By Lee Posey

International comparisons are tricky. Every three years the Organisation for Economic Co-operation and Development or OECD administers the Program for International Student Assessment (PISA) to half a million students in 65 countries.

Andreas Schleicher_blog
Andreas Schleicher (OECD)

The results of the 2012 test were just announced and state legislators and staff attending NCSL’s Fall Forum got a special presentation on the results from Andreas Schleicher of the OECD. The PISA results show a stagnant U.S. performance in reading, science and math. Of the 65 countries, the United States ranks 26 in math, 21 in science, and 17 in reading. Other eye-opening results include:

  • Only 2 percent of American students reach the highest levels of math achievement.
  • Twenty six percent of American students can’t reach PISA level 2 in mathematics.
  • Students in Ireland, Poland, Latvia, the U.K. and the Czech Republic outperform U.S. students.

Connecticut, Florida and Massachusetts administer the PISA, and we have state-level information for those states. Massachusetts performed the best of the three, but Shanghai, the top performer, has triple the rate of high-performing students.

Do our PISA results mean it’s time to bemoan the state of American education? Obviously, the results are not stellar. U.S. Secretary of Education Arne Duncan has described the results this way: “We’re running in place and other countries are lapping us. “

Nevertheless, the United States does show some success in mitigating the academic impact of poverty among its students. And strong improvement on the PISA from Turkey, Brazil and Mexico show improvement is possible, even in countries with fewer resources. Overall, 40 countries improved their scores. 

As part of his presentation, Schleicher pointed out that countries can do well in both educational excellence and equity. In fact, educational systems that invest education resources most equitably perform best. Ultimately, the most important factor seems to be a commitment to universal achievement.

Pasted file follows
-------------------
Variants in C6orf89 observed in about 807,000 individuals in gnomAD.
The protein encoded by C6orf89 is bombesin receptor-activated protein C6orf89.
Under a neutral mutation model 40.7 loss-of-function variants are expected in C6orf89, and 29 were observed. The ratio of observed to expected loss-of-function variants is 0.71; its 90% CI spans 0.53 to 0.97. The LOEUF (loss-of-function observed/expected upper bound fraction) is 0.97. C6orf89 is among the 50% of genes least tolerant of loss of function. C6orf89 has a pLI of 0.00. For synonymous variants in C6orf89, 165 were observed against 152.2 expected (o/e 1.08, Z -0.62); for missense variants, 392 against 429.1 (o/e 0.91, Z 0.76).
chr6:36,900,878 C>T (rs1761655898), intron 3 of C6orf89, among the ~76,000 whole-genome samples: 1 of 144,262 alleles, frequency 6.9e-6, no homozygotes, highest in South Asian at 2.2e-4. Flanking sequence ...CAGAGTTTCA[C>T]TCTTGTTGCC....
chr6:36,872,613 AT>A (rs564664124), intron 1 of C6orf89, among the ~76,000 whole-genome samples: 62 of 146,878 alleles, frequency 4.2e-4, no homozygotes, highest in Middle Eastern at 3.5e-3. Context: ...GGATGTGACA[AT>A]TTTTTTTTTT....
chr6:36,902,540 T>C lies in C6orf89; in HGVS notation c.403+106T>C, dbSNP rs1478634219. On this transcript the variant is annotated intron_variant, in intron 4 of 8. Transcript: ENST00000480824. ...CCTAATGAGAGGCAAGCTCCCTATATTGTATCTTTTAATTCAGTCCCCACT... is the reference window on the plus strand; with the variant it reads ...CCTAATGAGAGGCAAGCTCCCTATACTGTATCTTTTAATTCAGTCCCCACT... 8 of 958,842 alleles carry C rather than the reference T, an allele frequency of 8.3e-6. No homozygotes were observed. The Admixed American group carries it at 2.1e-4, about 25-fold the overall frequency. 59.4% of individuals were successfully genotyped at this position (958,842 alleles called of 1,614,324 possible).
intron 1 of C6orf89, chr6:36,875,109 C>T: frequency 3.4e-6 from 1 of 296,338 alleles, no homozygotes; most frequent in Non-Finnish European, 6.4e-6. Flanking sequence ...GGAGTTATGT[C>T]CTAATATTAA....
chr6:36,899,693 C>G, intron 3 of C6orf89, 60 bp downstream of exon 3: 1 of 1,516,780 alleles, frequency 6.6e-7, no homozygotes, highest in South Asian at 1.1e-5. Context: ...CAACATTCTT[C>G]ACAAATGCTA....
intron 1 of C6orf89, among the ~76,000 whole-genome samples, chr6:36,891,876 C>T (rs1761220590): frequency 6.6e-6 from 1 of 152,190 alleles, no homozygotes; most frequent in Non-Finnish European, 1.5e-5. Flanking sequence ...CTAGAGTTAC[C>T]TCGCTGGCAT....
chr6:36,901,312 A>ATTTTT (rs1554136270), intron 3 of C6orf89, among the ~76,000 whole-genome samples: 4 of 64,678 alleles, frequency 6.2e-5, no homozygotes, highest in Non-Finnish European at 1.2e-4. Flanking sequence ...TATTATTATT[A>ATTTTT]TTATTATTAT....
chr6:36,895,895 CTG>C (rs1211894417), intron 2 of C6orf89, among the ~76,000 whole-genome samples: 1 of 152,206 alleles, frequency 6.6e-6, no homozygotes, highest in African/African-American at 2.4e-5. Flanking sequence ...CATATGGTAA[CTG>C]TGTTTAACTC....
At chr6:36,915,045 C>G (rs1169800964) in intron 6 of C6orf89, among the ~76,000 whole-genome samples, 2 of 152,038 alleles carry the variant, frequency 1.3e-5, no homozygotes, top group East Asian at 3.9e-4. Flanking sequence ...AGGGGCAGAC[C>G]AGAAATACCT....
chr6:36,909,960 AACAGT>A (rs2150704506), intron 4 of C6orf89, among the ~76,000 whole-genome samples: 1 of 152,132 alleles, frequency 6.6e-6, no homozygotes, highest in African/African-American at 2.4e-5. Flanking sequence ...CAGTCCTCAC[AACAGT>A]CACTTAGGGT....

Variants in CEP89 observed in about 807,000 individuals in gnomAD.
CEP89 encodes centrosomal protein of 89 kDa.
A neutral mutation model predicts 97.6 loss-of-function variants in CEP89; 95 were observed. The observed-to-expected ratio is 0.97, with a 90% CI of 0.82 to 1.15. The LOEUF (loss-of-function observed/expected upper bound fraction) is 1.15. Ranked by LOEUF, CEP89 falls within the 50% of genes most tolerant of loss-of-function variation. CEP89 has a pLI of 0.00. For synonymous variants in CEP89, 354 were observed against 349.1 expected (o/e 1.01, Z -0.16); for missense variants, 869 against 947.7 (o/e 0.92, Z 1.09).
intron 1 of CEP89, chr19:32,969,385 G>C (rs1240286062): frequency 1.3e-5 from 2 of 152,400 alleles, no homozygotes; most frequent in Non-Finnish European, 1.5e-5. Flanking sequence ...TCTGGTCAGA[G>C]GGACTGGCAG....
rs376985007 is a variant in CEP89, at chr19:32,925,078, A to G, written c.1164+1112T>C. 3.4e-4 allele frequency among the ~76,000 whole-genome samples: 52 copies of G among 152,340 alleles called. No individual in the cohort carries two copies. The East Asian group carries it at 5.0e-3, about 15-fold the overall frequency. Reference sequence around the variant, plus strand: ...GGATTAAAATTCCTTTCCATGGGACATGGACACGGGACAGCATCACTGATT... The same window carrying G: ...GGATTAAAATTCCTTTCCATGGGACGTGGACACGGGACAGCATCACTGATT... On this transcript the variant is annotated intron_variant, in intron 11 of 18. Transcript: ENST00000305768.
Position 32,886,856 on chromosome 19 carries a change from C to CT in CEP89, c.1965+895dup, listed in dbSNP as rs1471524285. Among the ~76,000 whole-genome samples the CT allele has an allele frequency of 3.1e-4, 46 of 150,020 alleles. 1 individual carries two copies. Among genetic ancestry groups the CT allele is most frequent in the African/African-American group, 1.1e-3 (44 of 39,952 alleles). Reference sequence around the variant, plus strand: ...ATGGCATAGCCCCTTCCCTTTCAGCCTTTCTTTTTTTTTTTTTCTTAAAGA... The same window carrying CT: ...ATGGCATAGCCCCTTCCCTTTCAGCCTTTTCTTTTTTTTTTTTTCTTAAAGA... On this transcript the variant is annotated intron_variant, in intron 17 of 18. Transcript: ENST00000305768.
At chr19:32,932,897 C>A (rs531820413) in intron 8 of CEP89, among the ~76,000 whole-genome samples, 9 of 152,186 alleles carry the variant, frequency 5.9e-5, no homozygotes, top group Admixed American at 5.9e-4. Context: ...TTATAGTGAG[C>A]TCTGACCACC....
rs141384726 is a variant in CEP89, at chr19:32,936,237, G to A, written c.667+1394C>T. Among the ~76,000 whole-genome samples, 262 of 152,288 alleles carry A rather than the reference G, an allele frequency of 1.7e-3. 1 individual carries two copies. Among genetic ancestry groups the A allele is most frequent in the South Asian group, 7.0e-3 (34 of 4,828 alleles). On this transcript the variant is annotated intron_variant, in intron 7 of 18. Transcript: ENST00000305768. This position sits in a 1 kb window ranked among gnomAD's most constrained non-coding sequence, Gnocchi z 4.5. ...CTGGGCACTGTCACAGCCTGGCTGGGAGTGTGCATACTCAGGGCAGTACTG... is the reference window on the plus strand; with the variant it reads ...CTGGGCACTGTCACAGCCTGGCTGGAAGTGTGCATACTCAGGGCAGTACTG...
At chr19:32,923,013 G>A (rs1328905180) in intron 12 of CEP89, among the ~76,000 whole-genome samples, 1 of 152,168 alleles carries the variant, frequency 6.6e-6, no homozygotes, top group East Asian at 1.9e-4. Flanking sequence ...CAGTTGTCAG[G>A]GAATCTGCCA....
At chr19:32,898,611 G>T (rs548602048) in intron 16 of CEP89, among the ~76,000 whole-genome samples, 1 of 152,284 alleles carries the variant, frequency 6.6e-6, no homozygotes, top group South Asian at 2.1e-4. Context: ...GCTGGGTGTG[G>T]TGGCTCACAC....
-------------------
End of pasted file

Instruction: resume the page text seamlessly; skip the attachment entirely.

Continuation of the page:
A distinguished panel commenting on Schleicher’s presentation consisted of Carlos Contreras of Intel Corp. Marc Tucker of National Center on Education and the Economy, and Randi Weingarten, president of the American Federation of Teachers.Tucker asked a question that seemed to strike a chord with the audience: “Isn’t it time we built our education reform agenda around strategies used by nations with the best education systems?” 

The session provoked much discussion among meeting attendees. Senator Luther Olsen (R) of Wisconsin said the PISA session information contained “a lot that NCSL can take to help states more forward with up-to-date data.” Representative Mary Stuart Gile (D) of New Hampshire was interested in exploring how the high performing countries handle assessments. Many of them have only three assessments during a student’s career (although they are high stakes), in contrast with the current movement in the United States to test students annually in grades 3-8 and once in high school. She wondered if this is useful in a time of limited resources. 

Lee Posey is senior committee director in NCSL’s State-Federal Relations Division.

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This blog offers updates on the National Conference of State Legislatures' research and training, the latest on federalism and the state legislative institution, and posts about state legislators and legislative staff. The blog is edited by NCSL staff and written primarily by NCSL's experts on public policy and the state legislative institution.


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